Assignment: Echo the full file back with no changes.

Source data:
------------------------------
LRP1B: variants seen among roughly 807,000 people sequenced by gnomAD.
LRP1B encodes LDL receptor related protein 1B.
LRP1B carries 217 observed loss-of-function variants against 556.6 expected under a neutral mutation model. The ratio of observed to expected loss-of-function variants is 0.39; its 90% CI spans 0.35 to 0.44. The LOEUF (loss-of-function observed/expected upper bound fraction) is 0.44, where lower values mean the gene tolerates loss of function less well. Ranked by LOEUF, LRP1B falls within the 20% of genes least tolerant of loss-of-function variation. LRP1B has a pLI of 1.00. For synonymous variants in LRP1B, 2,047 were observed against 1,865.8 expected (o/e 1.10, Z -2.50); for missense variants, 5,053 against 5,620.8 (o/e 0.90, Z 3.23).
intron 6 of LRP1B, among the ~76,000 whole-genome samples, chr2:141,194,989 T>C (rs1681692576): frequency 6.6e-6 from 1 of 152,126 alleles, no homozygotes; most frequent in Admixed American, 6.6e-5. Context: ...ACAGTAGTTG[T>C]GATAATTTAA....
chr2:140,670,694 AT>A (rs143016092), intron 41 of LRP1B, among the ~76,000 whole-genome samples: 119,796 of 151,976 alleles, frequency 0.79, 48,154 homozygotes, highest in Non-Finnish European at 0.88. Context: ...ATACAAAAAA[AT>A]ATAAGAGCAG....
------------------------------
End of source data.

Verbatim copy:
LRP1B: variants seen among roughly 807,000 people sequenced by gnomAD.
LRP1B encodes LDL receptor related protein 1B.
LRP1B carries 217 observed loss-of-function variants against 556.6 expected under a neutral mutation model. The ratio of observed to expected loss-of-function variants is 0.39; its 90% CI spans 0.35 to 0.44. The LOEUF (loss-of-function observed/expected upper bound fraction) is 0.44, where lower values mean the gene tolerates loss of function less well. Ranked by LOEUF, LRP1B falls within the 20% of genes least tolerant of loss-of-function variation. LRP1B has a pLI of 1.00. For synonymous variants in LRP1B, 2,047 were observed against 1,865.8 expected (o/e 1.10, Z -2.50); for missense variants, 5,053 against 5,620.8 (o/e 0.90, Z 3.23).
intron 6 of LRP1B, among the ~76,000 whole-genome samples, chr2:141,194,989 T>C (rs1681692576): frequency 6.6e-6 from 1 of 152,126 alleles, no homozygotes; most frequent in Admixed American, 6.6e-5. Context: ...ACAGTAGTTG[T>C]GATAATTTAA....
chr2:140,670,694 AT>A (rs143016092), intron 41 of LRP1B, among the ~76,000 whole-genome samples: 119,796 of 151,976 alleles, frequency 0.79, 48,154 homozygotes, highest in Non-Finnish European at 0.88. Context: ...ATACAAAAAA[AT>A]ATAAGAGCAG....